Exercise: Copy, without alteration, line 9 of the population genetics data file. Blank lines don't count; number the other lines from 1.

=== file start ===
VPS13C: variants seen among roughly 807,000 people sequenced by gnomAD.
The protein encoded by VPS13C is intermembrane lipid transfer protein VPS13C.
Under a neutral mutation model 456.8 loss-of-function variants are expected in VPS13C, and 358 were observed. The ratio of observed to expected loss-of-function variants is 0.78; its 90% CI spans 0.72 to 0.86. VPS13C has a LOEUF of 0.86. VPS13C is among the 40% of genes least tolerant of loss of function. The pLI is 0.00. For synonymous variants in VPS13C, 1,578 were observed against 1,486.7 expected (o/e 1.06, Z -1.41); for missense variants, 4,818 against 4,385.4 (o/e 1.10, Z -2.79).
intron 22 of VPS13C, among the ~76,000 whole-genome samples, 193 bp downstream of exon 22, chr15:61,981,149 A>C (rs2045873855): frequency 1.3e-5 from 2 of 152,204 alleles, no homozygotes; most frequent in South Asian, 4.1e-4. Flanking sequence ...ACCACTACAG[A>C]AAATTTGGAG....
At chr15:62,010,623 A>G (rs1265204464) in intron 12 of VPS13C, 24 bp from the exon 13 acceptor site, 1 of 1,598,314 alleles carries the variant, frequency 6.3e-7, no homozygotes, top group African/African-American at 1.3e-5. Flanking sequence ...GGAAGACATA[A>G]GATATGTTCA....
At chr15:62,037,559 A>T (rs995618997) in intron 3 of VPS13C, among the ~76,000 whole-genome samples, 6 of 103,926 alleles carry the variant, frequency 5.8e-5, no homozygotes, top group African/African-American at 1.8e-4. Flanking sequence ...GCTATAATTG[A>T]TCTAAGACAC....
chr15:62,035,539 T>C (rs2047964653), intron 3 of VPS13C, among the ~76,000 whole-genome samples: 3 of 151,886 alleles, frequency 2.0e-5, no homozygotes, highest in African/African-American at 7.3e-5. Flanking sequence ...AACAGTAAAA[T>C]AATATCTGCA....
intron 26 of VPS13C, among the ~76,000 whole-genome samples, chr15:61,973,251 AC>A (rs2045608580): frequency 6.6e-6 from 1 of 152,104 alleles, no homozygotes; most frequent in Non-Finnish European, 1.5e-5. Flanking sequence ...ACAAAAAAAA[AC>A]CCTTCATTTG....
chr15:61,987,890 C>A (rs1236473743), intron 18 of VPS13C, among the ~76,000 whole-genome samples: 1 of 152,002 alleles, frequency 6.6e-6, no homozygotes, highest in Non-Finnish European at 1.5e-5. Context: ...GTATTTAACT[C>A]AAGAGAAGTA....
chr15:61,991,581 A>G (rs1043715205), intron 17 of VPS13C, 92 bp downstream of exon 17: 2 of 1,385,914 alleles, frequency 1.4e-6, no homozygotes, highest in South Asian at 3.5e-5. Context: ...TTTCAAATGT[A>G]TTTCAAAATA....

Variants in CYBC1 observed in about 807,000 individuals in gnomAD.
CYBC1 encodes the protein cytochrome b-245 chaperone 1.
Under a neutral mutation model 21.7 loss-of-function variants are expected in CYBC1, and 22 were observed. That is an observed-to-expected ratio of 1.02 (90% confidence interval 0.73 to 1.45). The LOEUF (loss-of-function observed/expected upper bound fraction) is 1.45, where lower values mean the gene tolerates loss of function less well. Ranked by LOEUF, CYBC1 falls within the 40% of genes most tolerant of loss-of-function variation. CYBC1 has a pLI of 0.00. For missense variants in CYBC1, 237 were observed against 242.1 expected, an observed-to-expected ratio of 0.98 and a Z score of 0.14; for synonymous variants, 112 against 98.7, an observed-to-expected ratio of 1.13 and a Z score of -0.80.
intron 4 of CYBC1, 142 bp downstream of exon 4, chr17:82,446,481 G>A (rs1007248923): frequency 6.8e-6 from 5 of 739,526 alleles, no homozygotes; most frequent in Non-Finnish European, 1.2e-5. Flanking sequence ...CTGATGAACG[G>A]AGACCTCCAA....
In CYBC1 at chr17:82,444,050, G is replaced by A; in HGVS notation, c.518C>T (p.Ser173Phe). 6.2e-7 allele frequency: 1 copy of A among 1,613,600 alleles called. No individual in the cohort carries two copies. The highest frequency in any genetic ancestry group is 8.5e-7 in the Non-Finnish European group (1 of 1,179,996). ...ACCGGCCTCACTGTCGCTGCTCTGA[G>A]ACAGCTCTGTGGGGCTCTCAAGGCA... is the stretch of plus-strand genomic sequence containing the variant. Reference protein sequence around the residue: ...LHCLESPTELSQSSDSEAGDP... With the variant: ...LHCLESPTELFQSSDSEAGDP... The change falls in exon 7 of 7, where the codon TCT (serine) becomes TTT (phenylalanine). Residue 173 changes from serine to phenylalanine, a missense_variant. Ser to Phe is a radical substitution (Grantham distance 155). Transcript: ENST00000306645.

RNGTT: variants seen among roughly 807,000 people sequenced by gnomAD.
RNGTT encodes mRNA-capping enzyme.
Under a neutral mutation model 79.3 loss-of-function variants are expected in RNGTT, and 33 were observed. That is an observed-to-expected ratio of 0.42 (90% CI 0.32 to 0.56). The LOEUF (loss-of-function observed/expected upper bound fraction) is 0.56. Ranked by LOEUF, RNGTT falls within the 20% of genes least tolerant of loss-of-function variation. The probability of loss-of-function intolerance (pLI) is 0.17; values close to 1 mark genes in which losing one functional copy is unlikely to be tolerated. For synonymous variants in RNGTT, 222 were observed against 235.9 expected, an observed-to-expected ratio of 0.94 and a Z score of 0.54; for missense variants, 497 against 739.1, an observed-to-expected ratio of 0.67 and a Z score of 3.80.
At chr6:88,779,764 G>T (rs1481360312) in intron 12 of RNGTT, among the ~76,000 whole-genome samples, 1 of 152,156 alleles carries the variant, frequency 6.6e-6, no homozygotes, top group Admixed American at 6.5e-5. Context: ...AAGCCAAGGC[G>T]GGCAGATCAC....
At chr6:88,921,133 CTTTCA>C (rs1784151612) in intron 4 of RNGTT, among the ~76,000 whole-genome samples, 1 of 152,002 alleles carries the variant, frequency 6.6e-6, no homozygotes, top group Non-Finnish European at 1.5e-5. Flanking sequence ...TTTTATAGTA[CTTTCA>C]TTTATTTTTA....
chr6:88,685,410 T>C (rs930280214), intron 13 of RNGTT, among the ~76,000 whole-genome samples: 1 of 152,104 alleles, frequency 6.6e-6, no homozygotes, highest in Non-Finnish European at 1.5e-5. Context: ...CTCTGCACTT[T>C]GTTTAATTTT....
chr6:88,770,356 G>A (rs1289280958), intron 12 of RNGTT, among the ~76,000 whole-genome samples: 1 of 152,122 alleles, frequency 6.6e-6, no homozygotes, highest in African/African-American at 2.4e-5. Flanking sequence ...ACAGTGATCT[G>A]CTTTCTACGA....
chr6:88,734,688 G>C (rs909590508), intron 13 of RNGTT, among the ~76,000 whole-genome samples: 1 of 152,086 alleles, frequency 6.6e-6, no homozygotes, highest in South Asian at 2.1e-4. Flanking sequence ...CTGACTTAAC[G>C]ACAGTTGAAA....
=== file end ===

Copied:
chr15:61,987,890 C>A (rs1236473743), intron 18 of VPS13C, among the ~76,000 whole-genome samples: 1 of 152,002 alleles, frequency 6.6e-6, no homozygotes, highest in Non-Finnish European at 1.5e-5. Context: ...GTATTTAACT[C>A]AAGAGAAGTA....